Regional Office for Culture in Latin America and the Caribbean

Portal of Culture of Latin America and the Caribbean

Uruguay - Candombe

Although Pedro Figari is internationally known as a “painter of Candombes”, in fact he worked in many other themes, such as countryside scenes, Creole dances, circus characters, bullfights and Venetian landscapes, just to mention but a few. But as it happens nobody before him, and perhaps nobody after him, was capable of conveying with convincing brush strokes, the movement of the bodies, the colourful garments, the general gaiety and the profound wisdom nurturing these celebrations. Because Candombe is festive music and dance, but also sacred rite and liberation.

“Candombe” was probably painted in the 1930s, when Figari had become a master in these motifs, with full control of his expressive resources. The scene is composed with a scenographic criterion, as if all the dancers were looking to the front, towards the viewers that are observing them passively from the seats of a theatre. However, “they” are immersed in the excitement: in the centre one takes his hand to his mouth, as to make himself be heard over the beating of the drums. At his side, we see the King of the ceremony, highlighted by a red band that crosses his chest and the high hat. The King, sitting comfortably, cannot hide a wide smile and a gesture of approval with open arms. Further on, we see the Queen, with a bright and colourful headdress, and between both the little figures of the three magi who mark the height of the celebration: it is January the 6th. Hence all the characters are dressed in luxurious garments, the male characters with frock coats and top hats, the women with undulating dresses and bulky skirts. Dimensions of the work: 62 x 82 cm. Framed work: 78.5 x 90 cm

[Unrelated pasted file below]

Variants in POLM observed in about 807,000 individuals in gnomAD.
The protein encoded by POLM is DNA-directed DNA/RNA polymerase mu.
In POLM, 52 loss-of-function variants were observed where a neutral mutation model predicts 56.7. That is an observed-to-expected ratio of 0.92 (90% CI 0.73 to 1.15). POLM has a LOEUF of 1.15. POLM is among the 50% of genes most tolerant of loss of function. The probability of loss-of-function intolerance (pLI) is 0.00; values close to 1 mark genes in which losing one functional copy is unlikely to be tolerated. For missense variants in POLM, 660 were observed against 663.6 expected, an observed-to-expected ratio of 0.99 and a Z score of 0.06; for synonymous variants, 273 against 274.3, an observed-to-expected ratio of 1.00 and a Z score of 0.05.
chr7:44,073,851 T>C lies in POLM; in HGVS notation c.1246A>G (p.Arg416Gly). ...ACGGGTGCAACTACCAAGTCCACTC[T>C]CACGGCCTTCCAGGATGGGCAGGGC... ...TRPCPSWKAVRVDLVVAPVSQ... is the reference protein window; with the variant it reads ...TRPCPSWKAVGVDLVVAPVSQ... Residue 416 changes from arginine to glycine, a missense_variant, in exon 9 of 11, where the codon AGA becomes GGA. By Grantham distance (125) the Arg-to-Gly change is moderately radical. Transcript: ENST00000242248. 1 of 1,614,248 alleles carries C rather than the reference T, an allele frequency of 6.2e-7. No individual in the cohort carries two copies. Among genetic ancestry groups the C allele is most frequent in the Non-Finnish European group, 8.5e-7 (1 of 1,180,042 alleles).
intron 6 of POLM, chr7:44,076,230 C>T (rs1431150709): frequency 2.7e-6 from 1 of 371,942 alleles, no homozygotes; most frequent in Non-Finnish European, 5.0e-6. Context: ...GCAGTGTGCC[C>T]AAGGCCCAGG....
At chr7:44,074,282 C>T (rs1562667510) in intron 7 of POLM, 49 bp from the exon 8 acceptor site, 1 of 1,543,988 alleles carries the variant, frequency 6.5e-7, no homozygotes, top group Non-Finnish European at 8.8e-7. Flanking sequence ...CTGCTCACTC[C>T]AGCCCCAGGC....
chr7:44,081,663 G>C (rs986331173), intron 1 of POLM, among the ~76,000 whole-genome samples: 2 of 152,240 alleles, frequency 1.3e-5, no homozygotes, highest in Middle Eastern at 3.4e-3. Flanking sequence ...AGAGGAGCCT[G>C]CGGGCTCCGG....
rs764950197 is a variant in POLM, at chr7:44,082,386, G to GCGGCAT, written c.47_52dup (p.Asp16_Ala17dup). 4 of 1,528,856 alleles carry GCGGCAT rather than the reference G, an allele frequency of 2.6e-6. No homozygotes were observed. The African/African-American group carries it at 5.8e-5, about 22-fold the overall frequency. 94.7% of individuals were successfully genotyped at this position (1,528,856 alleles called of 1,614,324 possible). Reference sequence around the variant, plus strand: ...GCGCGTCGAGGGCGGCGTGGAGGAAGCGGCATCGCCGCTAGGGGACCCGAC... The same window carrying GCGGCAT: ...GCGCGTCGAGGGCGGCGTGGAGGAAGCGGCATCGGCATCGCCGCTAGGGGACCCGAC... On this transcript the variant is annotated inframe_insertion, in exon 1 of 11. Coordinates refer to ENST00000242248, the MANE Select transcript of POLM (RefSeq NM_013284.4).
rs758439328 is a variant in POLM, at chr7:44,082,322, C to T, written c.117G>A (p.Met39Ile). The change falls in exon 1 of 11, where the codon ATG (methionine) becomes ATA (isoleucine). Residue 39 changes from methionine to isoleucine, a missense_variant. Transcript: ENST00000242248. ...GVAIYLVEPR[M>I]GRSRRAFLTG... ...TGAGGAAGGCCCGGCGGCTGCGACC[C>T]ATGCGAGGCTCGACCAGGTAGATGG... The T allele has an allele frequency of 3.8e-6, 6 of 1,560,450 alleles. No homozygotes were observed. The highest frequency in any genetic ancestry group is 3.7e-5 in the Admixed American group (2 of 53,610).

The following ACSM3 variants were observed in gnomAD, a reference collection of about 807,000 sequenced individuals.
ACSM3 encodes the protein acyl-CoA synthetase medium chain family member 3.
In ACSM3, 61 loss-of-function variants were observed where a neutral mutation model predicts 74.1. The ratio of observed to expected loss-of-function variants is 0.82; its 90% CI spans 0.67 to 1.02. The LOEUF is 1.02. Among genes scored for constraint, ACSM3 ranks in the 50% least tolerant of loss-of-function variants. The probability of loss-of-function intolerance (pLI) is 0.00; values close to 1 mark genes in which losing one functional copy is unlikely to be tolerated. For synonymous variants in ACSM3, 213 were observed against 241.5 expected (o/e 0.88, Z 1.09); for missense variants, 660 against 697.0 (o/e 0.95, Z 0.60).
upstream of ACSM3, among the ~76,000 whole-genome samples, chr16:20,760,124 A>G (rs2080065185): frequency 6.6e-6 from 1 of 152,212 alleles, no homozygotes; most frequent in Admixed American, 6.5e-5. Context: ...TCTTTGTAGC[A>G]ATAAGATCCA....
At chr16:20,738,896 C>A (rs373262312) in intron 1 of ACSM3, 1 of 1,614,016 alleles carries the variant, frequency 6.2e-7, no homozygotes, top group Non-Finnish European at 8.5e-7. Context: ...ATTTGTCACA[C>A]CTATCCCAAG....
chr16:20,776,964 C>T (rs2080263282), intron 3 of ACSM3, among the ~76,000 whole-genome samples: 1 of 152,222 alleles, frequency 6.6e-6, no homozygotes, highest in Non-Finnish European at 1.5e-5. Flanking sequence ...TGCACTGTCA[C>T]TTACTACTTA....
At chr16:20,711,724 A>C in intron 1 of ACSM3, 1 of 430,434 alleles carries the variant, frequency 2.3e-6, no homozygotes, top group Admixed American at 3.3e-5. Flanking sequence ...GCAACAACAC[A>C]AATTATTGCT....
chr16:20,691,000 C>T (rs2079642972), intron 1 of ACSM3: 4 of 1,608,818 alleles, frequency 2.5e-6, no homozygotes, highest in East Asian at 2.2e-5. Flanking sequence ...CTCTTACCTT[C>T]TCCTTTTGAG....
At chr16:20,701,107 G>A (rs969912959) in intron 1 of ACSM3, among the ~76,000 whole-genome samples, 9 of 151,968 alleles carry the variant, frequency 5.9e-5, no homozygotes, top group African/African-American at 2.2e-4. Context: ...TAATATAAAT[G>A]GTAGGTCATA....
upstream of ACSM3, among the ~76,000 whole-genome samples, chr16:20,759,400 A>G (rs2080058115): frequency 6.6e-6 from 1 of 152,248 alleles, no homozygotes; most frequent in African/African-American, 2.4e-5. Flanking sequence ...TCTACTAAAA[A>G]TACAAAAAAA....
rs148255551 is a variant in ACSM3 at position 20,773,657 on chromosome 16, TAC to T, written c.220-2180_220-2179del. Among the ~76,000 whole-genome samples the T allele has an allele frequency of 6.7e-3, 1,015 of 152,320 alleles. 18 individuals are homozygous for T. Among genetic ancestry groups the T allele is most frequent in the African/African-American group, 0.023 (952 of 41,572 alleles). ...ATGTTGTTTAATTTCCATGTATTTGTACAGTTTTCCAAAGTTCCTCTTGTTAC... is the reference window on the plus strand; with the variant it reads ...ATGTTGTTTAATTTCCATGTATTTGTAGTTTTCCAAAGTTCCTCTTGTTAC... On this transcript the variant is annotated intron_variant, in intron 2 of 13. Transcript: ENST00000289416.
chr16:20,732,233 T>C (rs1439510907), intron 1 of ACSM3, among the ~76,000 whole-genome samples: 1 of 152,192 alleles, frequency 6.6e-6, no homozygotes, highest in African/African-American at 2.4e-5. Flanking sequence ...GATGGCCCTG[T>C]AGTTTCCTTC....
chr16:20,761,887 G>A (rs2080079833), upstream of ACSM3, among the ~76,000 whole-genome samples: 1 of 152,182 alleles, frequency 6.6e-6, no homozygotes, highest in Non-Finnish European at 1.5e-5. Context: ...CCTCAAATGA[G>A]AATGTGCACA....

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Other data of interest


State of conservation

Good condition. It is stored in vertical racks under a controlled environment.

Type of document

Pictorial work. Oil on cardboard

Current Use

Pictorial work from the collection of the Figari Museum. It is part of the rotation of works in the exhibit halls in order to allow access by the public.


Pedro Figari